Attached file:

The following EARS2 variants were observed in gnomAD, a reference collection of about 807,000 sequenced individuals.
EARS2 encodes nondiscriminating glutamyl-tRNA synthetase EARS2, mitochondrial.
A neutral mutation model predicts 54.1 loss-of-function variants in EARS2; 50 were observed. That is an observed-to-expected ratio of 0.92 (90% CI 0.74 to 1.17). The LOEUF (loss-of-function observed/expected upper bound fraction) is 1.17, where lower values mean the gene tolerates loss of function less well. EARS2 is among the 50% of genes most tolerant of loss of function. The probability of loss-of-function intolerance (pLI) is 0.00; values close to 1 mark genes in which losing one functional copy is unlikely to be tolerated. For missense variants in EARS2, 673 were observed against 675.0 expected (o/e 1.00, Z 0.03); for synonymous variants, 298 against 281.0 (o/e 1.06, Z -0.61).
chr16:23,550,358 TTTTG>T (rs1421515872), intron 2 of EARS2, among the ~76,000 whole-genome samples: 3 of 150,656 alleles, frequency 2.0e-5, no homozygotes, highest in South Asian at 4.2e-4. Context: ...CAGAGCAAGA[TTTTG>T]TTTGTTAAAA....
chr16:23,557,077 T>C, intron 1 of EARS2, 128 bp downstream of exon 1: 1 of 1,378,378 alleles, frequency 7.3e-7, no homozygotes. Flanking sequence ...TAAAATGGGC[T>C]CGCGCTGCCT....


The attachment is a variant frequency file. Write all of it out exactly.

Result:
The following EARS2 variants were observed in gnomAD, a reference collection of about 807,000 sequenced individuals.
EARS2 encodes nondiscriminating glutamyl-tRNA synthetase EARS2, mitochondrial.
A neutral mutation model predicts 54.1 loss-of-function variants in EARS2; 50 were observed. That is an observed-to-expected ratio of 0.92 (90% CI 0.74 to 1.17). The LOEUF (loss-of-function observed/expected upper bound fraction) is 1.17, where lower values mean the gene tolerates loss of function less well. EARS2 is among the 50% of genes most tolerant of loss of function. The probability of loss-of-function intolerance (pLI) is 0.00; values close to 1 mark genes in which losing one functional copy is unlikely to be tolerated. For missense variants in EARS2, 673 were observed against 675.0 expected (o/e 1.00, Z 0.03); for synonymous variants, 298 against 281.0 (o/e 1.06, Z -0.61).
chr16:23,550,358 TTTTG>T (rs1421515872), intron 2 of EARS2, among the ~76,000 whole-genome samples: 3 of 150,656 alleles, frequency 2.0e-5, no homozygotes, highest in South Asian at 4.2e-4. Context: ...CAGAGCAAGA[TTTTG>T]TTTGTTAAAA....
chr16:23,557,077 T>C, intron 1 of EARS2, 128 bp downstream of exon 1: 1 of 1,378,378 alleles, frequency 7.3e-7, no homozygotes. Flanking sequence ...TAAAATGGGC[T>C]CGCGCTGCCT....